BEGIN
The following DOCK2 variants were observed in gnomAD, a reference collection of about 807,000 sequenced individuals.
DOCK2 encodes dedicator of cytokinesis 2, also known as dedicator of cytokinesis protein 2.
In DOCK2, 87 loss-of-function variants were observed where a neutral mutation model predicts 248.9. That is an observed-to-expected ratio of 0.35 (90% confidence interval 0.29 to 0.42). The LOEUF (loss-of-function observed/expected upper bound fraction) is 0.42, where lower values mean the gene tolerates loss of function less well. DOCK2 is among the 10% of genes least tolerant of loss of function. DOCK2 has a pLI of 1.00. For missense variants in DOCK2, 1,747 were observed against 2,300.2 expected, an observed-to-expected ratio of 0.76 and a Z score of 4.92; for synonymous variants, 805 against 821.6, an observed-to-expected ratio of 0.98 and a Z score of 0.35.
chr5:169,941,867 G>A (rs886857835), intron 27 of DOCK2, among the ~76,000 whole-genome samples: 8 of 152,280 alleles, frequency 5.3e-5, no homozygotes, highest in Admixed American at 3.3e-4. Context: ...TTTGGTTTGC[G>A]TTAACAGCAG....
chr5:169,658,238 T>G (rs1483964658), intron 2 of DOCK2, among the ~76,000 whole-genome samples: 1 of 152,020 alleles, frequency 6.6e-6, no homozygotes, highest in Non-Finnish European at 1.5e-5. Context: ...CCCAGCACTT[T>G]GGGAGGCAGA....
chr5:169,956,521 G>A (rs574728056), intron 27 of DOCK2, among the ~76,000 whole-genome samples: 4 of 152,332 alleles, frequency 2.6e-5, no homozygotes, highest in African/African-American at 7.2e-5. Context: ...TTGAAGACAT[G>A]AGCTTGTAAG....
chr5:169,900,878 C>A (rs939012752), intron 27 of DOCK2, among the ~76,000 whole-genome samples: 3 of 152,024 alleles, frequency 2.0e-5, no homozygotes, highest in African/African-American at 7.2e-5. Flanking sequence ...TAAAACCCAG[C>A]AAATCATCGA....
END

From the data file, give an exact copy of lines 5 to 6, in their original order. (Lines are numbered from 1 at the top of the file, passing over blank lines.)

chr5:169,658,238 T>G (rs1483964658), intron 2 of DOCK2, among the ~76,000 whole-genome samples: 1 of 152,020 alleles, frequency 6.6e-6, no homozygotes, highest in Non-Finnish European at 1.5e-5. Context: ...CCCAGCACTT[T>G]GGGAGGCAGA....
chr5:169,956,521 G>A (rs574728056), intron 27 of DOCK2, among the ~76,000 whole-genome samples: 4 of 152,332 alleles, frequency 2.6e-5, no homozygotes, highest in African/African-American at 7.2e-5. Context: ...TTGAAGACAT[G>A]AGCTTGTAAG....